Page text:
But set aside the way the two sides are deviating from how we might expect them to behave. The big problem with this latest twist is that it almost certainly guarantees a disaster when it comes time to raise the debt ceiling in mid-to-late October.
To see this, you have to understand the psychology of the average House Tea Partier. These are people who have spent the last two-and-a-half years demanding an apocalyptic showdown with Obama, only to have their leaders defer it again and again. When the debt limit needed to be raised this past March, for example, Boehner persuaded his loonies that they’d be much better off postponing the confrontation until the government funding fight. Now that the moment of truth is here, Boehner is telling his folks to put the fight off yet again.
Not surprisingly, the Tea Partiers aren’t really going for it. They want to pass legislation that will defund Obamacare, and they want to do it by attaching it to the bill that keeps the government open past September 30. They don’t really believe Boehner when he says he’ll give them their shot a few weeks later, when the debt ceiling needs lifting, if they just hold their fire this one last time. Those suspicions are why Boehner is going to be hard-pressed to pass a clean CR with only Republican votes. The Tea Partiers will see it as the latest in a long history of capitulations.
If Boehner nonetheless manages to pass a clean CR and avoid a shutdown—thereby denying the Tea Partiers the confrontation they crave—he will be 100 percent on the hook for having a confrontation over the debt ceiling. The Tea Partiers simply won’t stand for letting another opportunity pass, especially since Boehner has spent the last few months saying the GOP should make its stand there rather than the government funding fight. But, of course, screwing around with the debt ceiling is much, much more dangerous than screwing around with a shutdown. A shutdown takes a few billion dollars out of the economy each day—not a great idea, particularly in this environment, but hardly calamitous. Failing to raise the debt ceiling will lead to a default on our government debt and trigger a financial crisis that’s potentially worse than the one we’re still recovering from. Our only hope of avoiding this fiasco is to go ahead and have the shutdown, which will allow the public to completely repudiate the GOP before the debt-ceiling comes due. At that point, Boehner will be able to raise the debt ceiling with far less angst, having demonstrated to his colleagues how isolated they are politically.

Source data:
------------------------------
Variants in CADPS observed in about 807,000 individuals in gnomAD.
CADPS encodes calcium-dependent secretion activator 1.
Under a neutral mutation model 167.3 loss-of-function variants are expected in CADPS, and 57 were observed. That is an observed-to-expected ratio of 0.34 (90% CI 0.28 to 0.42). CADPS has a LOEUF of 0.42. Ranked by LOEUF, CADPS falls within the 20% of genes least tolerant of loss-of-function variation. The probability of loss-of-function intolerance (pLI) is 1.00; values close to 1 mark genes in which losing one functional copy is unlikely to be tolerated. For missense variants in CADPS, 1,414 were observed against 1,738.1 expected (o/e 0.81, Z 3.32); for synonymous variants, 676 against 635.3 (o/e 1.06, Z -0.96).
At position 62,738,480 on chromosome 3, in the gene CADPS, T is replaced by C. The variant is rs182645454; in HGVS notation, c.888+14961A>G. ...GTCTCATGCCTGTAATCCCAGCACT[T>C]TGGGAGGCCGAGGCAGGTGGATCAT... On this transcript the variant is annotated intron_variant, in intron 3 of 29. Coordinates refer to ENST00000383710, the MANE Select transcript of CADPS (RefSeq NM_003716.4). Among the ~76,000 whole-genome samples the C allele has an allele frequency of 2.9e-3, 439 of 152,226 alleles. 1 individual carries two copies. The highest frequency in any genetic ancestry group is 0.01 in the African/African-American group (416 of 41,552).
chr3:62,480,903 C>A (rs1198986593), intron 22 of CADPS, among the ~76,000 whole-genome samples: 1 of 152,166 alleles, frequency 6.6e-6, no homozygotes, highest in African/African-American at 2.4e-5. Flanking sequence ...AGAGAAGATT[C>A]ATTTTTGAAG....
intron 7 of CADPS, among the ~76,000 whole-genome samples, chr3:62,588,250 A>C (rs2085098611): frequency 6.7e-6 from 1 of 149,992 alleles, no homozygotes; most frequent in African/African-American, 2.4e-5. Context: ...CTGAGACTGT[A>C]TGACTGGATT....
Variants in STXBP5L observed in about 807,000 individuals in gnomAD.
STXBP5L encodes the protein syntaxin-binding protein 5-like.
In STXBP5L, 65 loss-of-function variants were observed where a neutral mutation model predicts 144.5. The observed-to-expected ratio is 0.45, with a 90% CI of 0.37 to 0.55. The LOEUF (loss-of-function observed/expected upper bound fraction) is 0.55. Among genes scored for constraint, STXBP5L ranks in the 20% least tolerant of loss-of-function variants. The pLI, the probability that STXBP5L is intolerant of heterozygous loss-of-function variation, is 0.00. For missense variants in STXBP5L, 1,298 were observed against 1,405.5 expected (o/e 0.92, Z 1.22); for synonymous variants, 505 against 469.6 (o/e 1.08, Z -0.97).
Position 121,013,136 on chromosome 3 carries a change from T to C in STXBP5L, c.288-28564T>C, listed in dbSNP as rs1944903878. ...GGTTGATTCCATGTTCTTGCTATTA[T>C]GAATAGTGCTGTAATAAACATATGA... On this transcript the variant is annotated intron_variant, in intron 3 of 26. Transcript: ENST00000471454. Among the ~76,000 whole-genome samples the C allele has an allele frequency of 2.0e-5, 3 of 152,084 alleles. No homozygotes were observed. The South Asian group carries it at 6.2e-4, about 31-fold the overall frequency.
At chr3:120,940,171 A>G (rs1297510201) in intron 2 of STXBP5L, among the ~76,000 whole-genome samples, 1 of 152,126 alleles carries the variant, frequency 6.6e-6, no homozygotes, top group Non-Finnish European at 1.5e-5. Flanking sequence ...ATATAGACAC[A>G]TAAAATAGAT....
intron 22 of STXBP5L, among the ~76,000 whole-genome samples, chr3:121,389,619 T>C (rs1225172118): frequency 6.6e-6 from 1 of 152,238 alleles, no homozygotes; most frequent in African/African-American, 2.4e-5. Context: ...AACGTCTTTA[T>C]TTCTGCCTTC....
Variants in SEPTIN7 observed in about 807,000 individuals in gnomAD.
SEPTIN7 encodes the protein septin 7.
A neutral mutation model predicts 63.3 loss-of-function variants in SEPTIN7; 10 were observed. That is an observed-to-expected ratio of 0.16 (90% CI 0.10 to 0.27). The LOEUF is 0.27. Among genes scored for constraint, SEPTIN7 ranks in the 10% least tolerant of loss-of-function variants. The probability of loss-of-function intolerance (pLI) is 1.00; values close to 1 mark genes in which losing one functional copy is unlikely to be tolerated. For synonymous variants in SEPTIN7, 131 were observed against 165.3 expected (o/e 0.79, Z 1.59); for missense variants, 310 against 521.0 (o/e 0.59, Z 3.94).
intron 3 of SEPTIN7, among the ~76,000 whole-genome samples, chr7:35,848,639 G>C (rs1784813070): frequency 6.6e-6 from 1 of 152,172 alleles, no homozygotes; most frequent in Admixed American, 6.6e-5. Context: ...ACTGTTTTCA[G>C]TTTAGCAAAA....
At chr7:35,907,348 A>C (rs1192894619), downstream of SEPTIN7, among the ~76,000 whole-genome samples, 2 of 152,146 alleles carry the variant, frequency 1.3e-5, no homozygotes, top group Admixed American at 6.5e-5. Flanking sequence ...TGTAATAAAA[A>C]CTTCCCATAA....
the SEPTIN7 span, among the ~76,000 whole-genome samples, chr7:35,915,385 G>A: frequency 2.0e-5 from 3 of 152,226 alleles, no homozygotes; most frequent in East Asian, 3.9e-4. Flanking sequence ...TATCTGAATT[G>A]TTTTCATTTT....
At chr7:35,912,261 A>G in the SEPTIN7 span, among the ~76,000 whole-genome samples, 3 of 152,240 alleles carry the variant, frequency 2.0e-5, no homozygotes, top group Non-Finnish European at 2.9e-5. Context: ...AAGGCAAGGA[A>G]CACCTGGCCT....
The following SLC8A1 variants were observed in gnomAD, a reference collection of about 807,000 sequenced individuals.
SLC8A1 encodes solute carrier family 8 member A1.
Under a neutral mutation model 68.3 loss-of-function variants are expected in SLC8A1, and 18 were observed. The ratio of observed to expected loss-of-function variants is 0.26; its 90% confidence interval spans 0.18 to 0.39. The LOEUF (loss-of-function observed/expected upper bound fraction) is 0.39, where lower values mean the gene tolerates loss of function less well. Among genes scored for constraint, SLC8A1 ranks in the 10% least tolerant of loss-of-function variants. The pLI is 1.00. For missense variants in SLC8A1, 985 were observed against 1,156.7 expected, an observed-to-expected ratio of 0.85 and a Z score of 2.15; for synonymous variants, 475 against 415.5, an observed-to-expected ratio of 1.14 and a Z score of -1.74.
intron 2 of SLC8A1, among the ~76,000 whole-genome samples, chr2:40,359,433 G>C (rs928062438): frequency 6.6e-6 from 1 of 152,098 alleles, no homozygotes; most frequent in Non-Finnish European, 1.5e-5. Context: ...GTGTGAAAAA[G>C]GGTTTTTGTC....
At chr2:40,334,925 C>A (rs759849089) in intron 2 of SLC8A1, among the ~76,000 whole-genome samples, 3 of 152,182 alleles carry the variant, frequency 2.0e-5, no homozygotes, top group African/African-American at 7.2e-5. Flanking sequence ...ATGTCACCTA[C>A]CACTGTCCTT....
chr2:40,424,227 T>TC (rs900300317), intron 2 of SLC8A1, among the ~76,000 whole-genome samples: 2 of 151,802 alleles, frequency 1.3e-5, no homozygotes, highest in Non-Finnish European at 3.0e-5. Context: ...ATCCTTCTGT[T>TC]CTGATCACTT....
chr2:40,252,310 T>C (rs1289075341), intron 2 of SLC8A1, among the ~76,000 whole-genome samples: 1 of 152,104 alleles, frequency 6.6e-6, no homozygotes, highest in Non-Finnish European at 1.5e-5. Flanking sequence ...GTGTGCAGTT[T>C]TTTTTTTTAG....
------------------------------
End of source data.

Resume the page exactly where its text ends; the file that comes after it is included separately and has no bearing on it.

Of course, if Boehner were somehow able to avoid a shutdown on his own, it would be a bummer, but what could we do? Democrats plainly don’t have any control over what Boehner does. What’s completely nuts is for Democrats to help Boehner pull this off when he otherwise couldn’t. One is tempted to describe it as helping an opponent off the mat when you have him nearly pinned, except that this would be far, far worse. It would be more like helping an opponent off the mat in such a way as to send him into a homicidal rage, then sticking an assault weapon in his hand and then trying to reason with him. Why on earth would anyone do that?
Unfortunately, that’s exactly where we’re headed. The White House seems to think that helping Boehner avoid a shutdown will buy it some good will. In reality, avoiding the shutdown that the Tea Partiers have elevated into a test of ideological purity will only further enrage them. They will interpret it as unilateral disarmament by their weak-kneed leadership, not a concession to reality. And the only outlet for their rage will be the debt ceiling. I’m at a loss to come up with a scarier scenario.
Noam Scheiber is a senior editor at The New Republic. Follow @noamscheiber